Since this commentary focuses on themes of biblical theology, Firth includes a second chapter tracing theological themes found in the text of Joshua through the rest of the Old Testament and into the New. He does not want to imply that the later texts knew and used Joshua (although this is possible). These are broad theological themes found throughout the canon of scripture. I will only summarize a few of these Firth’s eight themes here. First, an important theme of the book of Joshua is God’s faithfulness and the obedience of his people. He observes the importance of God’s word at the beginning of each major section of the book, (1:6-9; 6:1-5; 13:1-7). God made promises in the Torah and his people are to hear that word of God and obey. Obedience comes through meditating on the Law and allowing it to shape one’s life. When Joshua relies on the word of the Lord, there is success (Jericho), but when he does not, there is failure (Ai). Rahab Has heard of God, and she allows that knowledge of God to shape her life, express faith in the God of Israel, and become a part of Israel. He sees this theme in Psalm 1 (the one who meditates on God’s word flourishes), Malachi 4: 4-6, and the latter prophets. In the New Testament, God Jesus calls his people to both hear the word and do it Matthew 7: 21- 23. Jesus is teaching in the Sermon on the Mount is another example of meditating on the Law and allowing it to shape one’s life (Matthew 5:21-30).

A second example is the importance of land as God’s gift in the book of Joshua. Here he follows Walter Brueggemann’s now classic The Land (Second Edition, Fortress, 2002). What is perhaps unique in Joshua is that the land is a gift already given (something mentioned at least twenty times in the book), but it is also a gift promised; anticipating the capture of the land. Firth sees this as a balance between God’s faithfulness and Israel’s initiative. “The importance of the land is a theological theme across the Old Testament cannot be underestimated” (49). This land theme is not prominent in the New Testament, although he mentions in a footnote, he has avoided the question of a future aspect of the land promises (50, note 21).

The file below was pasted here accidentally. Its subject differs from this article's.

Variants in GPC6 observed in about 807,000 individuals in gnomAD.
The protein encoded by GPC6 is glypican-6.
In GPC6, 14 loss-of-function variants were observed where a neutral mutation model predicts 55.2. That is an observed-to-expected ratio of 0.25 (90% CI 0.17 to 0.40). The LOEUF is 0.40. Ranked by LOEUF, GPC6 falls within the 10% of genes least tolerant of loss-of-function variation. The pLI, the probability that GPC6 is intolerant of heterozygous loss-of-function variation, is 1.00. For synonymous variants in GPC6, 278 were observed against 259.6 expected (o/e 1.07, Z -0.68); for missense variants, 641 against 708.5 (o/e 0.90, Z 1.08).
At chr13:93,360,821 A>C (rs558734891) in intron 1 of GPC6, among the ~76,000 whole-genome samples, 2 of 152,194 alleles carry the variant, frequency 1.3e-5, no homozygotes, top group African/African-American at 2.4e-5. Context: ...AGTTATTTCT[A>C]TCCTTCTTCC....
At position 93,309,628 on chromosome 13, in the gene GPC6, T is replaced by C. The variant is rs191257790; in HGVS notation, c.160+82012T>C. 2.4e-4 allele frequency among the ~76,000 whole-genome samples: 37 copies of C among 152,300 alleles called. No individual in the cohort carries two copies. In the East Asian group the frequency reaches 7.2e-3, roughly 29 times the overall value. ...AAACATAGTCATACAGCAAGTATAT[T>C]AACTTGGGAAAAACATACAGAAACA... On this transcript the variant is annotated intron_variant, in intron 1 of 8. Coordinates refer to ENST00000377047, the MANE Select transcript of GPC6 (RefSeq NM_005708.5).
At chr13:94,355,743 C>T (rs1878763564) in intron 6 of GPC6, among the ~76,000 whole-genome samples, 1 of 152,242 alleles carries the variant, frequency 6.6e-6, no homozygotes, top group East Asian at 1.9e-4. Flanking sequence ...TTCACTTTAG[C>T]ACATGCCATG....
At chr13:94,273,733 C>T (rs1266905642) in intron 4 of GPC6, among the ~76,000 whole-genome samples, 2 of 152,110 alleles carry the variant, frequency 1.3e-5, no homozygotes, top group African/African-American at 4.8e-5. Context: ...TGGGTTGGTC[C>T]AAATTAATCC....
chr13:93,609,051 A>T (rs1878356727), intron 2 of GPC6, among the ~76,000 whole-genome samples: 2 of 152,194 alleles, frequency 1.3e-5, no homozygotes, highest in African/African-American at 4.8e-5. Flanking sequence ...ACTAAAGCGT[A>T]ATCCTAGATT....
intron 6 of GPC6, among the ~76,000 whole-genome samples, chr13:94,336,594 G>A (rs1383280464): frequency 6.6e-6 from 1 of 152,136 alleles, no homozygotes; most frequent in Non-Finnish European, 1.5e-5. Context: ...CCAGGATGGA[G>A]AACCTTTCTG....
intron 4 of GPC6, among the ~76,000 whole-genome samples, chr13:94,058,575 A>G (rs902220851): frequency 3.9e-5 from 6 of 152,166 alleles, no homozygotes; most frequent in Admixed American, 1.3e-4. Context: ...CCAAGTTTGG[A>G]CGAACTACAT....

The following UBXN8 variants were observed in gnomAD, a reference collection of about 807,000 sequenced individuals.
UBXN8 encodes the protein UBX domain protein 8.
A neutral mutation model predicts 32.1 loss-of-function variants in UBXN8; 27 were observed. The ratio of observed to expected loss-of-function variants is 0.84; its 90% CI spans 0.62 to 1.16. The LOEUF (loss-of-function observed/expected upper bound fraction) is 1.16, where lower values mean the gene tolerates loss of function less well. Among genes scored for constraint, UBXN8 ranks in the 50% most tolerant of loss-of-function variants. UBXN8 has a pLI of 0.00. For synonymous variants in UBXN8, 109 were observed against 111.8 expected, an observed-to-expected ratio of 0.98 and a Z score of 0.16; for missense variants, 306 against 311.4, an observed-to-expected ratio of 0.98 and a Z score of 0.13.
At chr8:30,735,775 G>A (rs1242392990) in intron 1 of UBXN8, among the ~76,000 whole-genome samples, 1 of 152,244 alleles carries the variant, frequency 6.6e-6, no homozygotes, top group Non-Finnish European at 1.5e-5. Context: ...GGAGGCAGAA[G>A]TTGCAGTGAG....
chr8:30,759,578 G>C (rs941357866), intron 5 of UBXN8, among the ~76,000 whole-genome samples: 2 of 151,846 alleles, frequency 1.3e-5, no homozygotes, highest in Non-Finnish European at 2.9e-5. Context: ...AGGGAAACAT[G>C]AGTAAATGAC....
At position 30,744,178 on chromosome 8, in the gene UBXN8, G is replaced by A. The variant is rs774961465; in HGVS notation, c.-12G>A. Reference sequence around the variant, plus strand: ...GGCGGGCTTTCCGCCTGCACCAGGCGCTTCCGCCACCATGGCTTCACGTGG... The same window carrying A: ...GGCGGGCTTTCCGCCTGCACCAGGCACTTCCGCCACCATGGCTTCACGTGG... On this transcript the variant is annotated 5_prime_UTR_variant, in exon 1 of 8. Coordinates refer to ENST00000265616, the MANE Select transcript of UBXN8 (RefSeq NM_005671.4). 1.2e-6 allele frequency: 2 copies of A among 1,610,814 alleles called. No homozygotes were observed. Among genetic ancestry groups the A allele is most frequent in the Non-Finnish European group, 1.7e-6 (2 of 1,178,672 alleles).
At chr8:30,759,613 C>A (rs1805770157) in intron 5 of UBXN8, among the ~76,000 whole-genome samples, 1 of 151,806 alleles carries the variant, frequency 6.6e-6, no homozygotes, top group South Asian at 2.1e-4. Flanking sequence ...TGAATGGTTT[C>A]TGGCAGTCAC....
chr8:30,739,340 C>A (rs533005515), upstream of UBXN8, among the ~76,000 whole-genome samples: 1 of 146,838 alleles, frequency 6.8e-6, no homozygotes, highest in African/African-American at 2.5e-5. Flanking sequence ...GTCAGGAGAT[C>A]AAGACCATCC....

First divides the body of the commentary into sections beginning with the Christian Standard Bible translation. A paragraph setting the context of the passage follows the English translation. The exegetical section proceeds verse by verse, although sometimes several verses are grouped together. He occasionally refers to Hebrew, but the commentary is mostly on the English text. Firth rarely comments on Hebrew syntactical or lexical minutiae. A commentary on Joshua 13-21 are either too brief, ignoring all the historical details, or far too extensive to be of use for pastors preaching the geographical section (see the excellent second volume of Trent Butler’s Joshua commentary in the WBC series). The footnotes, however, are extensive. He interacts with secondary literature, showing this is a well-researched commentary.

The last unit of each commentary section is entitled “Bridge.” These are theological and application comments aimed at making canonical connections, as expected in a biblical theology commentary. Although this might appear something like “preaching Christ in Joshua,” his eight theological emphases usually guide Firth’s theological conclusions from the introduction. For example, commenting on the geographically detailed of 19he observes that these chapters are extremely difficult for modern readers and present challenges for modern preachers. He therefore observed that this material looks back to key moments in the Pentateuch and looking forward to Israel’s story to come. He recommends seeing these chapters in the context of Israel’s worship. Citing Deuteronomy 12, “Israel was to have a central sanctuary around which they would gather rather than local shrines following the Canaanite model” (329), something which becomes clear by taking all the geographical details together as a whole. The last paragraph of this section tries to connect this central worship to Christian worship, which is focused on Jesus Christ as our temple (John 2:1-22). Firth also suggests this focus on worship could look forward to the restructuring of the new creation (Revelation 21:9-14; Ezekiel 48). In his biblical theology conclusions on the cities of refuge (Josh 20-21), Firth recalls the theme of God’s faithfulness, especially in the closing summary of this section (21:43-45). As Firth does throughout the book, this theme looks back to the Pentateuch, especially the calling of Abraham forward to the Sabbath rest described in Hebrews 4.

Conclusion. David Firth’s biblical theology commentary on Joshua provides balanced exegesis and explanation of the details of the book of Joshua from an evangelical perspective. His biblical theology sections are judicious and avoid typological excess which sometimes plagues these kinds of commentaries. This volume will be helpful for anyone preaching or teaching Joshua.


NB: Thanks to Lexham Press for kindly providing me with a review copy of this book. This did not influence my thoughts regarding the work.


3 thoughts on “David G. Firth, Joshua (Evangelical Biblical Theology Commentary)

Leave a Reply